Universities share best practices to retain STEM students

Best practices that institutions of higher education can use to attract, retain, and support students within STEM fields.


Developing new minds ready to take on careers in science, technology, engineering, and math (STEM) may be a national priority in the U.S., but if the current trends in higher education continue, that goal could be pretty difficult to achieve. According to National Center for Education Statistics’ (NCES) STEM Attrition: College Students’ Paths Into and Out of STEM Fields Statistical Analysis Report, about 28 percent of bachelor’s degree students and 20 percent of associate’s degree students entered a STEM field (i.e., they chose a STEM-related major) at some point within six years of entering postsecondary education in 2003−04.

“Many of these STEM entrants left STEM several years later by either changing majors or leaving college without completing a degree or certificate,” the NCES reports. “A total of 48 percent of bachelor’s degree students and 69 percent of associate’s degree students who entered STEM fields between 2003 and 2009 had left these fields by spring 2009. Roughly one-half of these leavers switched their majors to non-STEM fields, and the rest of them left STEM fields by exiting college before earning a degree or certificate.”

The fact that nearly half of the nation’s STEM career candidates either switch majors or leave school entirely before graduation is alarming, particularly since many of those students have the “highest SAT scores, highest AP science scores, and go to the most prestigious colleges and universities,” stated Dr. Freeman Hrabowski, president of the University of Maryland, Baltimore County (UMBC), in a recent eCampusNews article. In the piece, Hrabowski points to the typical lineup of “weed-out” classes as one of the primary drivers of the mass exodus from STEM majors. In other words, survival of the fittest may not actually be the best educational approach in fields where even the brightest, most industrious students are challenged to their very cores.

“Students come into college interested in STEM, but [schools] do a lot of things to push them away,” asserts Bill LaCourse, UMBC’s dean of the College of Natural and Mathematical Sciences. “Traditional classroom lectures, for instance, are uninspiring – particularly for brighter students who have to sit in a lecture hall of 400 students trying to stay engaged and on point with subjects that can be especially challenging.”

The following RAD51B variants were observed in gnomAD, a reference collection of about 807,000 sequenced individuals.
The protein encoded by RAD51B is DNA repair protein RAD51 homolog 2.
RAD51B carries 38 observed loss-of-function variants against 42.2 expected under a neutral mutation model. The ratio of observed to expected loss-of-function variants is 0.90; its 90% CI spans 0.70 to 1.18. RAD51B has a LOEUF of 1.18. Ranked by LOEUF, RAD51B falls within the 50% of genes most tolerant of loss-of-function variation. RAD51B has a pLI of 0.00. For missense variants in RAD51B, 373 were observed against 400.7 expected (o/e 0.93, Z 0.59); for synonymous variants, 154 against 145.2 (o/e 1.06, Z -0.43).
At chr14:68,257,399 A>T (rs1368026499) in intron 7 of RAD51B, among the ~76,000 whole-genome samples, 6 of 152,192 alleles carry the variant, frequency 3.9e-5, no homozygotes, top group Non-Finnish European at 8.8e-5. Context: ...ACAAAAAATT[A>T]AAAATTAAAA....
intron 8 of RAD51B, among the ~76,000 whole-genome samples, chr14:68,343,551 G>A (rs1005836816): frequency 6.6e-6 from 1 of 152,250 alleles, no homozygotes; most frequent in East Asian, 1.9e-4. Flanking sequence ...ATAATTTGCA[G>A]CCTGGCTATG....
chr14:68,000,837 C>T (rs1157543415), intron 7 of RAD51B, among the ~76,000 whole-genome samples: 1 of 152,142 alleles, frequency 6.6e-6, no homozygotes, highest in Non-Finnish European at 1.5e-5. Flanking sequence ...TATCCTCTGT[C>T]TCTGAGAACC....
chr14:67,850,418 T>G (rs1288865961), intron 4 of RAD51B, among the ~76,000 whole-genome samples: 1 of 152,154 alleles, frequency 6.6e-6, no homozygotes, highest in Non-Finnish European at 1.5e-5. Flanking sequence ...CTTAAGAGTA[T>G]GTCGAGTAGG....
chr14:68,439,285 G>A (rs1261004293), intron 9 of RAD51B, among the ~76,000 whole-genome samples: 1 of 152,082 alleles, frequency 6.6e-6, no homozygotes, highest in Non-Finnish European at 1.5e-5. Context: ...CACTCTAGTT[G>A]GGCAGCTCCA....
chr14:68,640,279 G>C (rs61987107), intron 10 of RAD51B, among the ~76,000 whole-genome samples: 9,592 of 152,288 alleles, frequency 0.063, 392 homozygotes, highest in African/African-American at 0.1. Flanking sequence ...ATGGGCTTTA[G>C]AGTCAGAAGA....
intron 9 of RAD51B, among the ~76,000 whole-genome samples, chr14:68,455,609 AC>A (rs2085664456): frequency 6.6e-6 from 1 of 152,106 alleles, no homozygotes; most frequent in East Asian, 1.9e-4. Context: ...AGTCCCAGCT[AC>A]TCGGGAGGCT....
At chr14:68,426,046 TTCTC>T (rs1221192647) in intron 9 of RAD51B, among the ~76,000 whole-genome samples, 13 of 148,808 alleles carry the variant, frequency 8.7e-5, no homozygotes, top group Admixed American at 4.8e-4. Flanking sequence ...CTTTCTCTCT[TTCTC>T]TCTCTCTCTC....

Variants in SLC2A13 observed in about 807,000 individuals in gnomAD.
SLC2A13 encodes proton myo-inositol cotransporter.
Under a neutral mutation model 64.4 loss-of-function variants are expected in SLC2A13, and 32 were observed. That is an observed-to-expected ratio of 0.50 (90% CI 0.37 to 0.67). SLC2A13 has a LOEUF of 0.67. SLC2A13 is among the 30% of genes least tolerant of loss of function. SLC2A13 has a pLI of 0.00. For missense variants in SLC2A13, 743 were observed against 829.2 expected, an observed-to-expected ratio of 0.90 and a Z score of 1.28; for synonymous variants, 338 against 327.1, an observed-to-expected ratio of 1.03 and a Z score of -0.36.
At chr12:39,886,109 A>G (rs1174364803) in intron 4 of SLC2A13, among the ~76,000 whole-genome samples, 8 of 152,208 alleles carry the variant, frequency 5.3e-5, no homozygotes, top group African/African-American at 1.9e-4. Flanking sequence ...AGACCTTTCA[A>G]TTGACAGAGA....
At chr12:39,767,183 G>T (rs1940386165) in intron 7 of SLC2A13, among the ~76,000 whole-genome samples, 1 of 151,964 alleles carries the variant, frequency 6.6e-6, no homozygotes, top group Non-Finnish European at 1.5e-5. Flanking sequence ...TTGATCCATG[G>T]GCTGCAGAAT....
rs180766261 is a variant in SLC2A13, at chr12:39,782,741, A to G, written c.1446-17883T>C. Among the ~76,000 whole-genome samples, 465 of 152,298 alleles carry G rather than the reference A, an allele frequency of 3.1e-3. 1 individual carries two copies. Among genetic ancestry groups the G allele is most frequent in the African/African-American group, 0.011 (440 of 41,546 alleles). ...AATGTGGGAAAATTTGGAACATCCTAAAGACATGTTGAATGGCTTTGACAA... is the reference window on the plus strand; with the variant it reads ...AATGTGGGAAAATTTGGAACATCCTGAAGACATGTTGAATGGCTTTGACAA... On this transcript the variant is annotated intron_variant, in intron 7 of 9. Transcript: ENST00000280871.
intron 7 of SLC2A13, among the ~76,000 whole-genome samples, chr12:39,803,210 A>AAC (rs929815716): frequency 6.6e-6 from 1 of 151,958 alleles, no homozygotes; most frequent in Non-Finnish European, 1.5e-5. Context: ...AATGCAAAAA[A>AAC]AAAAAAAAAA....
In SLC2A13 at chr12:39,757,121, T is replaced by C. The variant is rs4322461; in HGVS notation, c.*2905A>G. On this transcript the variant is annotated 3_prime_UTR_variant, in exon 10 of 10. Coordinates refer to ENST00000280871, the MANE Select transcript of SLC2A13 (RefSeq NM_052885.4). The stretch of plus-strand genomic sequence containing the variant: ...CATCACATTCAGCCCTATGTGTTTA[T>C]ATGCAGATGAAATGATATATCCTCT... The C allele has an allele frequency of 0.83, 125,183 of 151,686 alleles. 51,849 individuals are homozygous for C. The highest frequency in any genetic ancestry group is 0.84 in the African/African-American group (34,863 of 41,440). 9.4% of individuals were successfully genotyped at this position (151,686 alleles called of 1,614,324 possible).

(Next page: How to STEM the flow)

Stemming the flow

With an eye on future workforce needs and the massive Baby Boomer retirement wave that’s already in full swing, the nation needs students to not only be interested in STEM, but also to follow through on their dreams of becoming the next scientist, doctor, or engineer. According to Glassdoor’s recent list of 25 Highest Paying Jobs In Demand, for example, at least 15 of the 25 jobs that pay the most and are in high demand by employers nationwide require STEM skills. Physicians, pharmacy managers, and software architects sit at the top of that list and demand annual salaries ranging from $130,000 to $212,000.

So while the path to potential success in the STEM fields is clear, the question becomes, how can institutions of higher ed not only attract more students to these fields – many of which are associated with difficult and complex classes – but also keep them engaged for 4+ years? LaCourse says at least some of it comes down to teaching students in a more inspiring manner. “Instead of acting as ‘weeders,’ and looking at the [exit] of some students from STEM as a mark of success,” LaCourse states, “we have to help all of the pupils coming through our programs to be as successful as possible.”

A good first step in that direction, LaCourse continues, is to make STEM student retention a campus-wide effort that starts at the registration and orientation level and extends right through to graduation. “Depending on the size of the school, some students turn into numbers, with no one really knowing if that pupil has run into trouble or challenges with his or her coursework,” says LaCourse. “What colleges don’t always see is the investment that’s required on both sides of the equation, and how to effectively take care of their side of that equation.”

To do its part in bridging “both sides” of the STEM equation, UMBC recently launched a holistic students support initiative that’s being funded through an $18 million National Institutes of Health (NIH) grant. The funds are being used to create “a national model of comprehensive support to expand and increase the success of students seeking degrees in STEM,” says LaCourse. Known as STEM BUILD@UMBC, the initiative incorporates a number of different efforts, including the use of professional advisors that focus closely on student achievement, progress, and (when needed) intervention; building community to better support students in their educational endeavors; and collaborating with five community colleges, Gallaudet University, and the University of Maryland School of Medicine.

As part of its effort to keep STEM students engaged, UMBC is also “pushing innovation” at the professor level, says LaCourse, and in a largely “blameless” manner. “If someone helps students achieve success, great. But if it didn’t work, then that’s fine too,” he explains. “The important point is that the professor tried something out and we’re here to support that and honor him or her for it, whether it worked or not. We see this is a great way to push innovation through the educational system.”